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Two friends had younger siblings who died, he said, speaking in a matter-of-fact tone, his eyes bloodshot and wide open.

Jorge Roque, who lives close to Robb Elementary, grimaced and choked back tears as he pushed his straw cowboy hat back on his head, trying to make sense of it all.

He said his two granddaughters survived the shooting at the school of second, third and fourth graders who typically range in age from seven to ten. One of them is in fourth grade, the same year as the children who were killed, he said.

“Half of her class – it’s the one that got shot,” Mr Roque said.

Families stand together at a vigil for the 21 people killed at Rob Elementary School on 25 May 2022 in Uvalde

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During the afternoon, a makeshift memorial of toys and flowers slowly grew outside Robb Elementary, now encircled with yellow crime-scene tape.

Two women, barred from entering the grounds, handed a sombre-looking officer a pair of giant teddy bears to place with the other offerings at the front of the school. One of the women was weeping.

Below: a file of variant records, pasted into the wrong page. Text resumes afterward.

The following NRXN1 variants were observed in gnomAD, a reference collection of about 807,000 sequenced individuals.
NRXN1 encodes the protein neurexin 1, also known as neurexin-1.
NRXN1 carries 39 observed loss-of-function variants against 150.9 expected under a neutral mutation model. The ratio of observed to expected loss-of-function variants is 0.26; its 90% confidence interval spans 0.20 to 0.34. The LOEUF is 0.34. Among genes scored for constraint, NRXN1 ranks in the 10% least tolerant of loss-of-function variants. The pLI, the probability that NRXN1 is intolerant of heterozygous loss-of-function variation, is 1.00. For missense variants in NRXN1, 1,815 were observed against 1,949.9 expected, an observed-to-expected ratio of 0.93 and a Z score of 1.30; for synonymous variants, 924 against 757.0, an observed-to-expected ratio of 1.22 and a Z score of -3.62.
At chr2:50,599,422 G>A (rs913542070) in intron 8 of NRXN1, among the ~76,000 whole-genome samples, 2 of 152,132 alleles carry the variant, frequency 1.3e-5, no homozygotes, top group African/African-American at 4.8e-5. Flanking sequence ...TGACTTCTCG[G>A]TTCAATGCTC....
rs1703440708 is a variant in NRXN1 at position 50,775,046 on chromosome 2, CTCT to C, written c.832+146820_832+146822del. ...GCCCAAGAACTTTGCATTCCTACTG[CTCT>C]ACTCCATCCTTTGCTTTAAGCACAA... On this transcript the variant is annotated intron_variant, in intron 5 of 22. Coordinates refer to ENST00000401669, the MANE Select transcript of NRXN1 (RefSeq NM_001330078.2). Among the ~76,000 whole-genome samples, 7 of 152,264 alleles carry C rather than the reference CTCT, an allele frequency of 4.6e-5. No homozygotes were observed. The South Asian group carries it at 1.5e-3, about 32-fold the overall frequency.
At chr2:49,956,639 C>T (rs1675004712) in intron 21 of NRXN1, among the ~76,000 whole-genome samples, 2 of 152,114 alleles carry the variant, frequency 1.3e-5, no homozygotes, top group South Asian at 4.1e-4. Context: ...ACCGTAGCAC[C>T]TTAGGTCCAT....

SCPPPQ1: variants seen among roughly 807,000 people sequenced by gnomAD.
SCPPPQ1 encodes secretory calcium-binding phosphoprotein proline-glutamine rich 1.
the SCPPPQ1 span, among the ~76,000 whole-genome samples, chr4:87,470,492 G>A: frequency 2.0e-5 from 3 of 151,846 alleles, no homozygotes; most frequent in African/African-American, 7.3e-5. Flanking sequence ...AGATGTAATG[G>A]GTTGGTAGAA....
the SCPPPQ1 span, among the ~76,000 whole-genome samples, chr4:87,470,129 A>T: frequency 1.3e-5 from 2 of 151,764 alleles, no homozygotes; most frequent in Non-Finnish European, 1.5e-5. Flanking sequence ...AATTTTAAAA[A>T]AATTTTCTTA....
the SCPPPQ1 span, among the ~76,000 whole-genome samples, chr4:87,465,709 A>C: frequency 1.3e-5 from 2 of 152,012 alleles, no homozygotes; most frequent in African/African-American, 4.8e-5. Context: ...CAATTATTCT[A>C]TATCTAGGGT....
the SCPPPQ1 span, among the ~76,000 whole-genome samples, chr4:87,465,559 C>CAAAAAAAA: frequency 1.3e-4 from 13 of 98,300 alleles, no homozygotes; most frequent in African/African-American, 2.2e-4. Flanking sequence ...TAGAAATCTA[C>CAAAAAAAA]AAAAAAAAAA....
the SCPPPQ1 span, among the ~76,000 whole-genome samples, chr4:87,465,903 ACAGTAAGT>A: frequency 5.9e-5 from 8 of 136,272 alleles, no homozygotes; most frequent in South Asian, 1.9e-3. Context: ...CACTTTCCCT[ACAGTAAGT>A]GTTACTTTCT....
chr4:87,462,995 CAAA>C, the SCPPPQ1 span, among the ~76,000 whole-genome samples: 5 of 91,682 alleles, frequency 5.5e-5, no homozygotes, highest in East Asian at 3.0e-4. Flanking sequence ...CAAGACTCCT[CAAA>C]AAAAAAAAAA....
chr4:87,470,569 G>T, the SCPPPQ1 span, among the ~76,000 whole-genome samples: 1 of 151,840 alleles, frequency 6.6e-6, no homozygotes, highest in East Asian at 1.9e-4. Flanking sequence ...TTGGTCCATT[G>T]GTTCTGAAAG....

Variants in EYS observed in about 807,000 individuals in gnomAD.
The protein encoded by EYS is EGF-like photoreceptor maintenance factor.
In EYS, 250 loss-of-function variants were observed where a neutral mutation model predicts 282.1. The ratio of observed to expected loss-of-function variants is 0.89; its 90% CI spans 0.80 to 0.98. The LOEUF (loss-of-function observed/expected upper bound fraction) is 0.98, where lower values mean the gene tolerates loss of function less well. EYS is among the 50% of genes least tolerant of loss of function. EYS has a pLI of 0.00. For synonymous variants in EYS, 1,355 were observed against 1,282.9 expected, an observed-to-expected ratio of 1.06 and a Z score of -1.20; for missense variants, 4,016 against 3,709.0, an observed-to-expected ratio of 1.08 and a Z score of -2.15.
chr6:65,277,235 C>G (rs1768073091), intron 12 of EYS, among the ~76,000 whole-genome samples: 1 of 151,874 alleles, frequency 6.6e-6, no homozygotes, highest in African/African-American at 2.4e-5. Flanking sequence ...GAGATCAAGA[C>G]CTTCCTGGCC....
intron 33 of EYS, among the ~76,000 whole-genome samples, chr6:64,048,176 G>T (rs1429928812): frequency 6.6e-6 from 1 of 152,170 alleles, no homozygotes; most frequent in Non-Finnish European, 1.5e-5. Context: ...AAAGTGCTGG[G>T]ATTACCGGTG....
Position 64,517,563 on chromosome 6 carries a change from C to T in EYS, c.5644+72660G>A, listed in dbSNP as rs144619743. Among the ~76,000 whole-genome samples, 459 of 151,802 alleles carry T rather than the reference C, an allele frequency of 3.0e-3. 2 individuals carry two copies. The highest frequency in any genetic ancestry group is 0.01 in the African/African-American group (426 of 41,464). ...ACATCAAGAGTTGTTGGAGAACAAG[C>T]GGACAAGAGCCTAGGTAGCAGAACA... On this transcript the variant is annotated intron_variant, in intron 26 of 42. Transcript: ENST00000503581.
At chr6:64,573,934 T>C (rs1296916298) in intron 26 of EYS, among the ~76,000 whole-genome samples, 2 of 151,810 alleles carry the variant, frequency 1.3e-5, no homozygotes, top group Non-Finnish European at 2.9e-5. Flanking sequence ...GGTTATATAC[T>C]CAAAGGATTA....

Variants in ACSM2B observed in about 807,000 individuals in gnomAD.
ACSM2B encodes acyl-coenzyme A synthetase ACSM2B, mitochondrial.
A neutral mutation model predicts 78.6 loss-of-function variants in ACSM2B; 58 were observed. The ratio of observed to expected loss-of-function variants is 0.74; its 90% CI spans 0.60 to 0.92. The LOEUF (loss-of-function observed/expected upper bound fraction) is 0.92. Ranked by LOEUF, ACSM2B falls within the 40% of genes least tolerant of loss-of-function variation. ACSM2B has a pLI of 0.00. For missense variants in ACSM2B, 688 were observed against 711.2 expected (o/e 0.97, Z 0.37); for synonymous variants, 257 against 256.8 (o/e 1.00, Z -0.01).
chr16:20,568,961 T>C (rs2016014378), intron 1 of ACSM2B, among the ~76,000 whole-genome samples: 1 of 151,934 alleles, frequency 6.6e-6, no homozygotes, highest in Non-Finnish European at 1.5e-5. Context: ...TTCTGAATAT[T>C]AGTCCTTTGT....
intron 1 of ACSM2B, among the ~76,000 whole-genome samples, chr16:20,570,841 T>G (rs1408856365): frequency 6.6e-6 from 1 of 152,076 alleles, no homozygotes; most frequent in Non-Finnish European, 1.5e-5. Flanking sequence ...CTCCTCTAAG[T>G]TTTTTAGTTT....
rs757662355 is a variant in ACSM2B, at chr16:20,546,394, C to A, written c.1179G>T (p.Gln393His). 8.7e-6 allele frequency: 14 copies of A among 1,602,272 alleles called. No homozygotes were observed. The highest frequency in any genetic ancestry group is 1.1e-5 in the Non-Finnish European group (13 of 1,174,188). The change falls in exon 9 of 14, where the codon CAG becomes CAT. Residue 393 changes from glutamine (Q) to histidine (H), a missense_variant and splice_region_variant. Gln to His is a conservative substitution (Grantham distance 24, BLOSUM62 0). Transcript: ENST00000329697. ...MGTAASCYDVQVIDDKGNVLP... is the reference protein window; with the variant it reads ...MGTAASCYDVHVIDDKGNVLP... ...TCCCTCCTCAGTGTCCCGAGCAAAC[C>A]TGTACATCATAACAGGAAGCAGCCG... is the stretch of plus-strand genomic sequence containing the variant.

Namita Singh26 May 2022 05:37

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National Rifle Association to go ahead with annual meeting

The largest promoter of the free availability of military-style weapons in the United States will continue with plans to host its’ annual convention in Houston, Texas this weekend, less than 300 miles away from the elementary school where a gunman murdered 19 children and two adults on Thursday.

In a statement posted on his “Truth Social” app, Mr Trump announced that he would keep his “longtime commitment” to speak at the convention, where he said he’d deliver “an important address to America”.

“America needs real solutions and real leadership in this moment, not politicians and partisanship,” said the twice-impeached ex-president. He added that in “the meantime,” he would “continue to pray for the victims, their families, and for our entire nation”.

My colleague Andrew Feinberg reports:

Namita Singh26 May 2022 05:16